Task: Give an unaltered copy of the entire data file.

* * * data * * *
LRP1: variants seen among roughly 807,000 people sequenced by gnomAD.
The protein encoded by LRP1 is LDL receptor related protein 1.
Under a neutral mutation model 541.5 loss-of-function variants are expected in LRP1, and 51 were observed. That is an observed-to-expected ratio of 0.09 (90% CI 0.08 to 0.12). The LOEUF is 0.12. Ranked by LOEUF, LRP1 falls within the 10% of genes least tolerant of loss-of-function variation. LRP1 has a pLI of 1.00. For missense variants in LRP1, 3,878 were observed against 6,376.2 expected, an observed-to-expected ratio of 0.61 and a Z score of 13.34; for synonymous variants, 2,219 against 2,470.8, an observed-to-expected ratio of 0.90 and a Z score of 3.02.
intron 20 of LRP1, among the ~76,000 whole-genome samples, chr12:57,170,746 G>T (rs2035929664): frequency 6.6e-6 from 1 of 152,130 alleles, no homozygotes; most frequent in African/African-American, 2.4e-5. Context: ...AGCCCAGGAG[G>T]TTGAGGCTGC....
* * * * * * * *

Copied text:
LRP1: variants seen among roughly 807,000 people sequenced by gnomAD.
The protein encoded by LRP1 is LDL receptor related protein 1.
Under a neutral mutation model 541.5 loss-of-function variants are expected in LRP1, and 51 were observed. That is an observed-to-expected ratio of 0.09 (90% CI 0.08 to 0.12). The LOEUF is 0.12. Ranked by LOEUF, LRP1 falls within the 10% of genes least tolerant of loss-of-function variation. LRP1 has a pLI of 1.00. For missense variants in LRP1, 3,878 were observed against 6,376.2 expected, an observed-to-expected ratio of 0.61 and a Z score of 13.34; for synonymous variants, 2,219 against 2,470.8, an observed-to-expected ratio of 0.90 and a Z score of 3.02.
intron 20 of LRP1, among the ~76,000 whole-genome samples, chr12:57,170,746 G>T (rs2035929664): frequency 6.6e-6 from 1 of 152,130 alleles, no homozygotes; most frequent in African/African-American, 2.4e-5. Context: ...AGCCCAGGAG[G>T]TTGAGGCTGC....